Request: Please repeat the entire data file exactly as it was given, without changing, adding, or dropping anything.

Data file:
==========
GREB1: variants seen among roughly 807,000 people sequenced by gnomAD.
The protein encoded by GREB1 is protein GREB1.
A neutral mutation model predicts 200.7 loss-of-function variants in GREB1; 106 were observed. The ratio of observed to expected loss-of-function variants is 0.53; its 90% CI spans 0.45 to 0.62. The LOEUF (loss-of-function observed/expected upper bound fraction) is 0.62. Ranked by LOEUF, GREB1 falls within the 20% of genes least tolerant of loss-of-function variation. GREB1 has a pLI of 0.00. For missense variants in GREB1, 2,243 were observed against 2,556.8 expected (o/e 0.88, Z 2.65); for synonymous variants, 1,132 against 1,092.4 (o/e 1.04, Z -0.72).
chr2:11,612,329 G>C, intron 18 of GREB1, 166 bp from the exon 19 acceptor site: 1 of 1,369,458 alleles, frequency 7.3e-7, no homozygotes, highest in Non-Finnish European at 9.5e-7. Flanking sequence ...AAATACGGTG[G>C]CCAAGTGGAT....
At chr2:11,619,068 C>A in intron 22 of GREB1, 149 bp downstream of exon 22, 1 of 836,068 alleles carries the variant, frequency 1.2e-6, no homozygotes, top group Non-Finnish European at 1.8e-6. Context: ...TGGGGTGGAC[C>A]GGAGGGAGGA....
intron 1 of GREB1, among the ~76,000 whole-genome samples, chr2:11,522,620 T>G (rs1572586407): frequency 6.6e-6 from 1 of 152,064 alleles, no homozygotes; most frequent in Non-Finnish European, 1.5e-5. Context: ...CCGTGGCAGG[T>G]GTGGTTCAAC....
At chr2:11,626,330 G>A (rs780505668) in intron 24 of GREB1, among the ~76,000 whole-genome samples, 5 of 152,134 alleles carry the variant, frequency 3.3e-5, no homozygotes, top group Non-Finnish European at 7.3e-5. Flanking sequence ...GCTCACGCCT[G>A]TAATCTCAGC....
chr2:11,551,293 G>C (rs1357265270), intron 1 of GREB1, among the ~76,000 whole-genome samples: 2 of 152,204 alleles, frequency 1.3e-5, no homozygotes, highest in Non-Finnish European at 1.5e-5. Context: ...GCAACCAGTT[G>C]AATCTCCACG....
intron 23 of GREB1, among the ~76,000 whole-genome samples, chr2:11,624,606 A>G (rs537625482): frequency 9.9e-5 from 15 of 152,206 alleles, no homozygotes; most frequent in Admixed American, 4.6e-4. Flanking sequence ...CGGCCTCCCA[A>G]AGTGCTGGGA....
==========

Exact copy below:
GREB1: variants seen among roughly 807,000 people sequenced by gnomAD.
The protein encoded by GREB1 is protein GREB1.
A neutral mutation model predicts 200.7 loss-of-function variants in GREB1; 106 were observed. The ratio of observed to expected loss-of-function variants is 0.53; its 90% CI spans 0.45 to 0.62. The LOEUF (loss-of-function observed/expected upper bound fraction) is 0.62. Ranked by LOEUF, GREB1 falls within the 20% of genes least tolerant of loss-of-function variation. GREB1 has a pLI of 0.00. For missense variants in GREB1, 2,243 were observed against 2,556.8 expected (o/e 0.88, Z 2.65); for synonymous variants, 1,132 against 1,092.4 (o/e 1.04, Z -0.72).
chr2:11,612,329 G>C, intron 18 of GREB1, 166 bp from the exon 19 acceptor site: 1 of 1,369,458 alleles, frequency 7.3e-7, no homozygotes, highest in Non-Finnish European at 9.5e-7. Flanking sequence ...AAATACGGTG[G>C]CCAAGTGGAT....
At chr2:11,619,068 C>A in intron 22 of GREB1, 149 bp downstream of exon 22, 1 of 836,068 alleles carries the variant, frequency 1.2e-6, no homozygotes, top group Non-Finnish European at 1.8e-6. Context: ...TGGGGTGGAC[C>A]GGAGGGAGGA....
intron 1 of GREB1, among the ~76,000 whole-genome samples, chr2:11,522,620 T>G (rs1572586407): frequency 6.6e-6 from 1 of 152,064 alleles, no homozygotes; most frequent in Non-Finnish European, 1.5e-5. Context: ...CCGTGGCAGG[T>G]GTGGTTCAAC....
At chr2:11,626,330 G>A (rs780505668) in intron 24 of GREB1, among the ~76,000 whole-genome samples, 5 of 152,134 alleles carry the variant, frequency 3.3e-5, no homozygotes, top group Non-Finnish European at 7.3e-5. Flanking sequence ...GCTCACGCCT[G>A]TAATCTCAGC....
chr2:11,551,293 G>C (rs1357265270), intron 1 of GREB1, among the ~76,000 whole-genome samples: 2 of 152,204 alleles, frequency 1.3e-5, no homozygotes, highest in Non-Finnish European at 1.5e-5. Context: ...GCAACCAGTT[G>C]AATCTCCACG....
intron 23 of GREB1, among the ~76,000 whole-genome samples, chr2:11,624,606 A>G (rs537625482): frequency 9.9e-5 from 15 of 152,206 alleles, no homozygotes; most frequent in Admixed American, 4.6e-4. Flanking sequence ...CGGCCTCCCA[A>G]AGTGCTGGGA....